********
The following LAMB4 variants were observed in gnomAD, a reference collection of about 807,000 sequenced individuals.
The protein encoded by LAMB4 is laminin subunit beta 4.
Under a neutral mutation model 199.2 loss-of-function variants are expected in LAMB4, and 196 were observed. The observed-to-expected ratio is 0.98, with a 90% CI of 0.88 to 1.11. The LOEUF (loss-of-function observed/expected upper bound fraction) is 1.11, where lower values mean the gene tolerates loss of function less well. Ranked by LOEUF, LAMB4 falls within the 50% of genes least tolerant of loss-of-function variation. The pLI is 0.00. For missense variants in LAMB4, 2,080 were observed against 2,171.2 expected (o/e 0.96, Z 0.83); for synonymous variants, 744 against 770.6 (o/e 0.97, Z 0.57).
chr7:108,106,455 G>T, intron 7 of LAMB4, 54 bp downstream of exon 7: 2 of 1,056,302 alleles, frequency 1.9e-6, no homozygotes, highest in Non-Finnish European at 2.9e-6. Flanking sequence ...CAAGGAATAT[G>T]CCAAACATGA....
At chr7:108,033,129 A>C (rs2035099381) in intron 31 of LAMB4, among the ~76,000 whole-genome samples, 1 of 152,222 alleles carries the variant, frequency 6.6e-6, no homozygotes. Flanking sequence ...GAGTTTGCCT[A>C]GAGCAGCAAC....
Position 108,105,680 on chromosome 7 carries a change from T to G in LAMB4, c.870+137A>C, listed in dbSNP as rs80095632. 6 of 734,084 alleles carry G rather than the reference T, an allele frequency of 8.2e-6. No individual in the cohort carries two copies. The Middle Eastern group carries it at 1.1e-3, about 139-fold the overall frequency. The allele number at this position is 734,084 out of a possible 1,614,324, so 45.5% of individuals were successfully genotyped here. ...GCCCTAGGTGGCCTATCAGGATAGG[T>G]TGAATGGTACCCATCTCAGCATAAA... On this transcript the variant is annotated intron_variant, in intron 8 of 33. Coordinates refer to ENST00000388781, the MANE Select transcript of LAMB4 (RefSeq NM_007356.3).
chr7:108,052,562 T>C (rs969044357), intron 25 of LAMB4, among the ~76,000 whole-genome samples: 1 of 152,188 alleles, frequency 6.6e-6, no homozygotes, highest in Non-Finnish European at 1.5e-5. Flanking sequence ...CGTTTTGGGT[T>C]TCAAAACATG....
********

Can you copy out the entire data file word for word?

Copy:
The following LAMB4 variants were observed in gnomAD, a reference collection of about 807,000 sequenced individuals.
The protein encoded by LAMB4 is laminin subunit beta 4.
Under a neutral mutation model 199.2 loss-of-function variants are expected in LAMB4, and 196 were observed. The observed-to-expected ratio is 0.98, with a 90% CI of 0.88 to 1.11. The LOEUF (loss-of-function observed/expected upper bound fraction) is 1.11, where lower values mean the gene tolerates loss of function less well. Ranked by LOEUF, LAMB4 falls within the 50% of genes least tolerant of loss-of-function variation. The pLI is 0.00. For missense variants in LAMB4, 2,080 were observed against 2,171.2 expected (o/e 0.96, Z 0.83); for synonymous variants, 744 against 770.6 (o/e 0.97, Z 0.57).
chr7:108,106,455 G>T, intron 7 of LAMB4, 54 bp downstream of exon 7: 2 of 1,056,302 alleles, frequency 1.9e-6, no homozygotes, highest in Non-Finnish European at 2.9e-6. Flanking sequence ...CAAGGAATAT[G>T]CCAAACATGA....
At chr7:108,033,129 A>C (rs2035099381) in intron 31 of LAMB4, among the ~76,000 whole-genome samples, 1 of 152,222 alleles carries the variant, frequency 6.6e-6, no homozygotes. Flanking sequence ...GAGTTTGCCT[A>C]GAGCAGCAAC....
Position 108,105,680 on chromosome 7 carries a change from T to G in LAMB4, c.870+137A>C, listed in dbSNP as rs80095632. 6 of 734,084 alleles carry G rather than the reference T, an allele frequency of 8.2e-6. No individual in the cohort carries two copies. The Middle Eastern group carries it at 1.1e-3, about 139-fold the overall frequency. The allele number at this position is 734,084 out of a possible 1,614,324, so 45.5% of individuals were successfully genotyped here. ...GCCCTAGGTGGCCTATCAGGATAGG[T>G]TGAATGGTACCCATCTCAGCATAAA... On this transcript the variant is annotated intron_variant, in intron 8 of 33. Coordinates refer to ENST00000388781, the MANE Select transcript of LAMB4 (RefSeq NM_007356.3).
chr7:108,052,562 T>C (rs969044357), intron 25 of LAMB4, among the ~76,000 whole-genome samples: 1 of 152,188 alleles, frequency 6.6e-6, no homozygotes, highest in Non-Finnish European at 1.5e-5. Flanking sequence ...CGTTTTGGGT[T>C]TCAAAACATG....